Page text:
Elevated Cyber-risk as Companies Choose Speed Over Security

I recently finished the book This is how they tell me the world ends by Nicole Perlroth, an investigative report on worldwide cybersecurity that reads like a spy novel. In it, Perlroth describes the multi-million-dollar gray market for zero day threats in South America, including genius-level threats emerging with cutting-edge technology.

Reading that such bleeding-edge research was being done in Latin America came as a bit of a surprise to me personally, but I suppose it shouldn’t have. Generally we hear about Silicon Valley and the United States being the technological innovation center, but today the US is actually lagging behind the rest of the world when it comes to cloud security, and our research proves it.

In Latin America, they’re moving quickly and securely. Latin American organizations are focusing on the core security of their cloud environments, using the foundation provided by cloud vendors and their partners to build out infrastructures with cloud security in mind from the beginning.

In contrast, many US companies are obsessed with speed. They are moving quickly, failing to make security a paramount priority. Focused more on speed than cybersecurity, these organizations are falling back. When I read this news in our 2021 Cyber Risk Index (CRI), it was unfortunately not a surprise.

Elevated Risk Around the Globe

Lacking a foundational focus on security beyond Latin America, the 2021 CRI tells a familiar story globally, and one that’s only getting worse — 86% of respondents expect to be breached in the next year, and 24% suffered seven or more cyber attacks over the last 12 months. Both numbers have been steadily climbing for years.

The CRI is designed to help companies better understand their cyber risk so they can prioritize their security strategy and identify areas to improve preparedness. The CRI surveyed more than 3,600 businesses of all sizes and industries across North America, Europe, Asia-Pacific, and Latin America to come up with its annual index score, a benchmark that measures the gap between respondents' cybersecurity preparedness and their likelihood of being attacked.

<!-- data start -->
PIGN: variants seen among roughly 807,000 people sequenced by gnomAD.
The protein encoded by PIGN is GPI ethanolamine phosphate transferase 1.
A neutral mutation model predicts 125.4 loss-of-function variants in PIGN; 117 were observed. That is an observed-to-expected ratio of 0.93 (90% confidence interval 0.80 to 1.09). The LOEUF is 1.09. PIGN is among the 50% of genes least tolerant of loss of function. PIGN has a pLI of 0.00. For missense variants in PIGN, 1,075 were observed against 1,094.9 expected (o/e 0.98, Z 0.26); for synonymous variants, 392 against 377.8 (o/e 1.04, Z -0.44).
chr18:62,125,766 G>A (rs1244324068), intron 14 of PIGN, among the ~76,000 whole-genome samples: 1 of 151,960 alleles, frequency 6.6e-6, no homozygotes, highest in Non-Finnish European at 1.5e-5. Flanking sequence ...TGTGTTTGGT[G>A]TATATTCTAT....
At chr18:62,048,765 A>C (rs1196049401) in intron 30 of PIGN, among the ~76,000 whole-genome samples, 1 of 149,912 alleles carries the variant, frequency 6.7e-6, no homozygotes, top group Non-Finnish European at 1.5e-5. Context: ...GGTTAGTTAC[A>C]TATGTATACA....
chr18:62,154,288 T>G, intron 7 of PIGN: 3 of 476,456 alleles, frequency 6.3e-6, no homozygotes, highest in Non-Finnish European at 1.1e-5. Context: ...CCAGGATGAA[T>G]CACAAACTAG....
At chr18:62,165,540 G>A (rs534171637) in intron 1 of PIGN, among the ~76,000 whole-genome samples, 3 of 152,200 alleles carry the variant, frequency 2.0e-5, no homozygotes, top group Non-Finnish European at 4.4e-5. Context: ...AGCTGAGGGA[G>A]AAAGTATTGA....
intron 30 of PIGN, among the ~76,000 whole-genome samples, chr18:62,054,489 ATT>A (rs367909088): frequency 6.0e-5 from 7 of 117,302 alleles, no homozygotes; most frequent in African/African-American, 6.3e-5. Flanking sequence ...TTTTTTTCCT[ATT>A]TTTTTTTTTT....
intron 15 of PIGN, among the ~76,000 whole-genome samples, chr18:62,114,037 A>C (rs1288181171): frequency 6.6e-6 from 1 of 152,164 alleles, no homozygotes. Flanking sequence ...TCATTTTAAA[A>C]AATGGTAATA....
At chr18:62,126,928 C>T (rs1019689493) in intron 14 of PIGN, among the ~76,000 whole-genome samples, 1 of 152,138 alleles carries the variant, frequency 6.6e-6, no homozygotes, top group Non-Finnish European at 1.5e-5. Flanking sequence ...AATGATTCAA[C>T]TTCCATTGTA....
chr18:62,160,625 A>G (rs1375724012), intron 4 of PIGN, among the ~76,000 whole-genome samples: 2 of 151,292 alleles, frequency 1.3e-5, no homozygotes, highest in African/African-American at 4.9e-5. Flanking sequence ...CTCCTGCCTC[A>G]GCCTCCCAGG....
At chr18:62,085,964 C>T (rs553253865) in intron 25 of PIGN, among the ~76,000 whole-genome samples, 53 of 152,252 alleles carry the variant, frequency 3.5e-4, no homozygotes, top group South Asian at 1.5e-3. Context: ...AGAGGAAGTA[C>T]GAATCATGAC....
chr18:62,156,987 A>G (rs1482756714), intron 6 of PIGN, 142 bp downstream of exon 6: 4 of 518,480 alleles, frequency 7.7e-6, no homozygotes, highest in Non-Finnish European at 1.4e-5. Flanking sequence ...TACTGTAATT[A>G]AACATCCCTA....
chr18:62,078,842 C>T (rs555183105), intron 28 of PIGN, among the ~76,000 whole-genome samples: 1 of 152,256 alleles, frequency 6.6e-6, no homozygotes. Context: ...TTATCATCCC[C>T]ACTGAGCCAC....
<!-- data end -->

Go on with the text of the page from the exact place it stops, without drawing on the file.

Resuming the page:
This year’s index score of -0.42 shows that the cyber world today is a more dangerous place than it was a year ago. That score is also skewed by the -1.27 showing for North America, following an unprecedented year of severe attacks targeting cloud, infrastructure and the software supply chain. 

This year’s index score of -0.42 shows that the cyber world today is a more dangerous place than it was a year ago

Top Risks and Challenges Show Some New, Some Old

Once again, the research uncovered plenty to keep CISOs awake at night, from operational and infrastructure risks to data protection, threat activity and human challenges.

The top cyber-risks highlighted in the report include many of the usual suspects: man-in-the-middle attacks, ransomware, fileless attacks, botnets, phishing and social engineering. The top security risks to infrastructure also remain the same as last year and include organizational misalignment and complexity, as well as cloud computing infrastructure and providers. In addition, respondents identified customer turnover, lost intellectual property and disruption or damages to critical infrastructure as key operational risks.

Organizations continue to be challenged with the complexity of their infrastructures, including cloud implementations and IoT. The main challenges for cybersecurity preparedness include limitations for security leaders who lack the authority and resources to achieve a strong security posture, as well as organizations struggling to enable security technologies sufficient to protect data assets and IT.

This year desktop and laptop computers made the list based on the number of successful attacks targeting a more distributed workforce around the world. The DNS environment was also a new entry with concerns rising over the success that some attackers have had targeting this area of the network.

Slow Down and Build Securely from the Start

We cannot change what the attackers will do in the future, but the CRI will continue to help us understand if attackers are being more aggressive. Ultimately, it’s up to every business to build a strong cybersecurity posture that gives them the ability to assess, protect, detect, respond to, and recover from serious threats against data, applications, and IT infrastructure.

As we work toward that goal, it’s time to slow down a bit. Take a moment to build and weave security into your cloud processes and it will yield dividends. To lower cyber-risk, organizations must be better prepared by going back to basics, identifying at-risk data, focusing on the threats that matter most, and delivering multi-layered protection from comprehensive, connected platforms.

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